For a Starter, Angels Try Peck : Baseball: First replacement game is tonight against Arizona State.


Steve Peck will have the honor--or shame, depending on the viewpoint--of throwing the first replacement pitch of the spring training season tonight when men wearing Angel uniforms play Arizona State in an exhibition game at Tempe.

"I guess it is sort of historic," said Peck, 27, a right-hander who played at nearby Mesa College. "I just hope I throw a strike on the first pitch--no pun intended."

The game will be the first in 83 years in which replacements are playing. In 1912, the Detroit Tigers put together a team of Philadelphia-area semipro and college players for a game against the Athletics in the wake of a player revolt sparked by Ty Cobb.

Cobb, according to a book on the Tigers written by Fred Lee, had charged into the bleachers to punch a fan who had allegedly berated him during a game. American League President Ban Johnson responded by banning Cobb indefinitely.

In protest, the Tigers decided they wouldn't play a subsequent game, so coaches recruited local players who wound up losing to the Athletics, 24-2, before a curious crowd of 20,000 in Shibe Park.

The replacement pitcher, Al Travers, who later became a priest, received $25 for his efforts and a $25 bonus for lasting nine innings. The other Tiger replacements got $10 each.

Johnson called off the Tigers' next game, then threatened to banish the rest of the team unless it returned to action. The players, at Cobb's urging, called off the protest.

"If it's another 83 years before this happens again, that would be fine with me," Angel Manager Marcel Lachemann said Tuesday. "Hopefully, it will never happen again."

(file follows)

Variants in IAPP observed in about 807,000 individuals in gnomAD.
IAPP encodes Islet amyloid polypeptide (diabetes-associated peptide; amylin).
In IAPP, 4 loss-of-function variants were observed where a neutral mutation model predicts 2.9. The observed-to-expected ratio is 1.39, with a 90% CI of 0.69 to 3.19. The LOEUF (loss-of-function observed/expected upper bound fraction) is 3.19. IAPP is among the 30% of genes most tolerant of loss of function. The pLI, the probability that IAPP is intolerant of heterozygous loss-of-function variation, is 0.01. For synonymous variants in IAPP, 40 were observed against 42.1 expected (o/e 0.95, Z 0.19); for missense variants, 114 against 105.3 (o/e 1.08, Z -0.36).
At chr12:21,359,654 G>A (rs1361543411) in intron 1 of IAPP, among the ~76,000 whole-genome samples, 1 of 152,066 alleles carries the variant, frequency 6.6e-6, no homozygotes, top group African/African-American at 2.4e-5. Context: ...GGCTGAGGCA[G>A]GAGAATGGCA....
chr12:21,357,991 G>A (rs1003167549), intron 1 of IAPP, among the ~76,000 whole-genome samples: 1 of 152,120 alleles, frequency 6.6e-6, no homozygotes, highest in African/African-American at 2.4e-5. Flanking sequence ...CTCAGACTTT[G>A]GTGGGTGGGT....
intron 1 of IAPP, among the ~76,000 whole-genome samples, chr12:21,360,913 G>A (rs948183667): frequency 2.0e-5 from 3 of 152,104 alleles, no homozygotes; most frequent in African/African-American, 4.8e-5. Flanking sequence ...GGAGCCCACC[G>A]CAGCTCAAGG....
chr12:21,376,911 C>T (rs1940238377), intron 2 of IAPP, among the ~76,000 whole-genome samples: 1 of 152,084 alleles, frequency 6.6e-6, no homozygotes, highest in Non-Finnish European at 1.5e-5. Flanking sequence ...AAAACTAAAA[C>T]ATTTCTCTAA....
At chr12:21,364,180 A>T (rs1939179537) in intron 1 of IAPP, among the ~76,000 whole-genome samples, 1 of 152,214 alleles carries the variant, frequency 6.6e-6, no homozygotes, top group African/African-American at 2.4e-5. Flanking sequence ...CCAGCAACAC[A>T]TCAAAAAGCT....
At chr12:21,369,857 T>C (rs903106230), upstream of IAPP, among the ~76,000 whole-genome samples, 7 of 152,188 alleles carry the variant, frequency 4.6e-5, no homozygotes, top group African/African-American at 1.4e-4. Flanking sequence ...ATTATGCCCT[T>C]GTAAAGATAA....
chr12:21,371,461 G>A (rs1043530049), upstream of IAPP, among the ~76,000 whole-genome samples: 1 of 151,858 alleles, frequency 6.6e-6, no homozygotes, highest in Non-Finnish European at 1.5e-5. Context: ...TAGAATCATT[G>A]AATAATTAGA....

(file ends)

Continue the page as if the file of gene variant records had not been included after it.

Lachemann said he chose Peck as tonight's starter because he's an experienced pitcher who doesn't figure to get flustered in a potentially volatile situation.

Although union head Donald Fehr said the players' union won't picket tonight because proceeds from the game benefit local charities, Angel replacement players have heard rumors of Teamster pickets, and they expect some hostile fans.

"I've pitched in hostile environments, so I'm not worried," said Peck, a six-year minor leaguer who went 12-4 with a 4.97 earned-run average at double-A El Paso last season. "I played in Mazatlan once where fans were shooting fireworks onto the field during the game."

Tonight's game, the only one scheduled in the Cactus and Grapefruit leagues, is expected to draw a huge media crowd.

Lachemann is concerned that some fans and writers might draw conclusions on replacement baseball after only one game.

"We'll be under the microscope more than usual, and things could get blown out of proportion," he said.

Even after intrasquad games Monday and Tuesday, Lachemann doesn't have a good handle on replacement baseball, although a diving grab by third baseman Michael Fernandez and a spectacular diving catch by left fielder Randy Hood on Tuesday did boost his confidence.

Playing a good college team--Arizona State is 16-4 and ranked 13th nationally by Baseball America--should provide some indication.

"This might be the sternest test of the year," Lachemann said. "I just don't know. A good college team this time of year is a big challenge."

Angel Notes

After Tuesday's intrasquad game at Gene Autry Park, the Angels broke camp in Mesa and moved to Tempe, which they will now consider their major league camp. Of the 50 players in Mesa, only two, first baseman Nate Olmstead and pitcher Darrel Akerfelds, chose not to become replacement players. Manager Marcel Lachemann said four other players, who were not identified, would join the Angels for exhibition games but would not play if replacements start the regular season.

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